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A daily record of what I'm thinking about what I'm reading

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Wednesday, October 22, 2014

Open wide: Joshua Ferris's To Rise Again at a Decent Hour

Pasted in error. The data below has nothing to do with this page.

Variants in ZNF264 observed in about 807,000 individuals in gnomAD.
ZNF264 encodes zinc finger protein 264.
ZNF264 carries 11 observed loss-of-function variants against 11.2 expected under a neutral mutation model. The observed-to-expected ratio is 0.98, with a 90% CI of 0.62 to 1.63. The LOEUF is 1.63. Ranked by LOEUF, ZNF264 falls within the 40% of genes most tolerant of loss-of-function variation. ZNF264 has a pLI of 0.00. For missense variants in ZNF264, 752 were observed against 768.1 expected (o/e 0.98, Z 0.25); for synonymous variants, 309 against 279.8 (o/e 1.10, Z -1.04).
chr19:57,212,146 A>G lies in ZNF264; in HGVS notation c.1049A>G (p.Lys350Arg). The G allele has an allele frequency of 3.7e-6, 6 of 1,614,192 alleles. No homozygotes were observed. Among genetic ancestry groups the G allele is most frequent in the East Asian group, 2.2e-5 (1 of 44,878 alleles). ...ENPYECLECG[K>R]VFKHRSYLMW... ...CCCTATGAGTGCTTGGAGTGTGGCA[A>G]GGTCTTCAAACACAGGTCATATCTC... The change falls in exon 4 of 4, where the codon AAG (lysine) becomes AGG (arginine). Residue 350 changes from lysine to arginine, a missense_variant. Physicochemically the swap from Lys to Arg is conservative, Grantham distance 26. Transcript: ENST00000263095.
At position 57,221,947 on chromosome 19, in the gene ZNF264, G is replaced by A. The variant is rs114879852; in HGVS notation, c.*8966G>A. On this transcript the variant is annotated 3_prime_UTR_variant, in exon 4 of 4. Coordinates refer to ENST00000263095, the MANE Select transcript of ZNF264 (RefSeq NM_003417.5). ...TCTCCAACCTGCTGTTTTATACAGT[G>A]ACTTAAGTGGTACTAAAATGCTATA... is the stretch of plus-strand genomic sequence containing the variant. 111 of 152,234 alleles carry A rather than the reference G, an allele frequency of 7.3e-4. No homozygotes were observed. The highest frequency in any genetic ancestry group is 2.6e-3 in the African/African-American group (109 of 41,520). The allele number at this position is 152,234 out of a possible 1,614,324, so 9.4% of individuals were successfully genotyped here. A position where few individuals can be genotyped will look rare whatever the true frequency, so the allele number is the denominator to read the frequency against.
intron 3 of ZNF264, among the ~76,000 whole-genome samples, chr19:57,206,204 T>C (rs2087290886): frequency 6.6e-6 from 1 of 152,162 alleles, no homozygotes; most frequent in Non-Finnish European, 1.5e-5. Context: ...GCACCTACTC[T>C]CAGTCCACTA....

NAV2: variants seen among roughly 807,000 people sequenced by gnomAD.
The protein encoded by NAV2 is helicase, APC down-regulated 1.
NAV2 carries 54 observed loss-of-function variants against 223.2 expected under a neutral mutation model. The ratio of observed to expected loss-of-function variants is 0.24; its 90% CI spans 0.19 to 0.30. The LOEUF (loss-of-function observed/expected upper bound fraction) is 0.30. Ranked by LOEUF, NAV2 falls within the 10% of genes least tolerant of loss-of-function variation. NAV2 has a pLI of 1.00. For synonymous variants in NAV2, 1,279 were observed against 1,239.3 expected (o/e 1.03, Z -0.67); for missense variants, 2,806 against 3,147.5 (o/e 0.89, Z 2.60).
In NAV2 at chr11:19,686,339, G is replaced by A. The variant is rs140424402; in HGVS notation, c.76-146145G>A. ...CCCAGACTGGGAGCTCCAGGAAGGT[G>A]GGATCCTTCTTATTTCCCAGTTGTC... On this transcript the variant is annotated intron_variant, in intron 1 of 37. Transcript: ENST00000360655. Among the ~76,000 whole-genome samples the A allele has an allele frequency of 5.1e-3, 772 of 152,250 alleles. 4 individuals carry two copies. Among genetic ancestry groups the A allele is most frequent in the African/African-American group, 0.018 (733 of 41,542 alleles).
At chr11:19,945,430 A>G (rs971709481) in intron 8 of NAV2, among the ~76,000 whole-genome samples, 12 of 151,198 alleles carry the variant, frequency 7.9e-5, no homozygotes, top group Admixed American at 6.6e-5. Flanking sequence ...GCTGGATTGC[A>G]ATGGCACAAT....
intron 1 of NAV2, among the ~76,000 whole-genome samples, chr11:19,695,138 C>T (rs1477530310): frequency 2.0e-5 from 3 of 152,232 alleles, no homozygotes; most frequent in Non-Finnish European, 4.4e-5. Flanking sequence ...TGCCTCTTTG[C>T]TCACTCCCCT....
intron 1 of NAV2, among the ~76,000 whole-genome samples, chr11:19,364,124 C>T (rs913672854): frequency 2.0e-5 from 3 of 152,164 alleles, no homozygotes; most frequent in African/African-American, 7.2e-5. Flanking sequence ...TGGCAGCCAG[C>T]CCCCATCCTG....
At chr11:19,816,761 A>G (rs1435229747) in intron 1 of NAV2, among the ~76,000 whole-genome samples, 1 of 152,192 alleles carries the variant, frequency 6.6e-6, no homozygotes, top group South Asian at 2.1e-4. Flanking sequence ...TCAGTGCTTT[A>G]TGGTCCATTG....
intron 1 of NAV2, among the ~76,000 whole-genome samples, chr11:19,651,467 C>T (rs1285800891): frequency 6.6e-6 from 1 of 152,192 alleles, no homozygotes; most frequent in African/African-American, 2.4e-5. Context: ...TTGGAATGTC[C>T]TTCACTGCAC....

Joshua Ferris's To Rise Again at a Decent Hour (terrible title, isn't it? - what's with the sentence and clause book titles? - even though, yes, I get it, there's a play here on resurrection brought down to the extremely secular level, as in oversleeping?) has been compared with Philip Roth's writing, and with some good reason - the long disquisitions on somewhat arcane subjects, the outrage of the narrative voice - not typical of all of Roth but you can hear the influence of Portnoy and the Zuckerman novels - except that in this case the narrator is not a Roth-like novelist but in this case a Park Avenue dentist, perhaps about 40 years old, surprisingly an Irish-American (Paul O'Rourke) originally from Maine - when in fact he sounds or seems like a Jewish NYer of older vintage. You can hear echoes of DF Wallace as well - the apotheosis of an offbeat profession, the endowing of a character who, as a character, is not especially literary, with a literary voice and judgment - imagine perhaps if Updike had written the Rabbit novels in the first person and you'll get a little sense of Ferris's style Which is not to say, based on the first 40 pages, that this is as great as Roth or Updike, but Ferris is a very funny writer, some of the rants are very well written, if dark and gruesome at times, and his dialogue - sometimes a one-sided dialog, is very sharp as well. I very much enjoyed the first night's reading but also have qualms about where this novel is headed: 40 pp or in Kindle-talk 10 percent into the book, not a lot has happened other than establishment of O'Rourke and his narrative voice: the main "event" has been the fact that someone unknown has created a website for O'Rourke's dental practice, and he wonders who this might be and wants to shut it down. Other than that, he's a character without serious relationships - a hindrance, for a novel, one might think - and with an obsession for the Boston Red Sox. Me, too - but I think baseball obsessions have become an overworked literary vein - especially if carried to the near pathological level, as in this case: nobody watches every single game of the season, in particular not a hard-working dentist. Let's hope this doesn't try to become a great American novel about baseball (Roth tried that, too, and failed). O'Rourke is not a Dostoyevskeyan underground man but a very much overground man - successful in the eyes of the world, but with a dark and misanthropic view of society. The novel will live or die based on whether this view can open up, mature, change: Roth's ranks, or Updike's of DFW's for that matter, evince a love for the world around us, a nostalgia for the past, an acute sense of family and neighborhood - not just a Jeremiad against all things modern.

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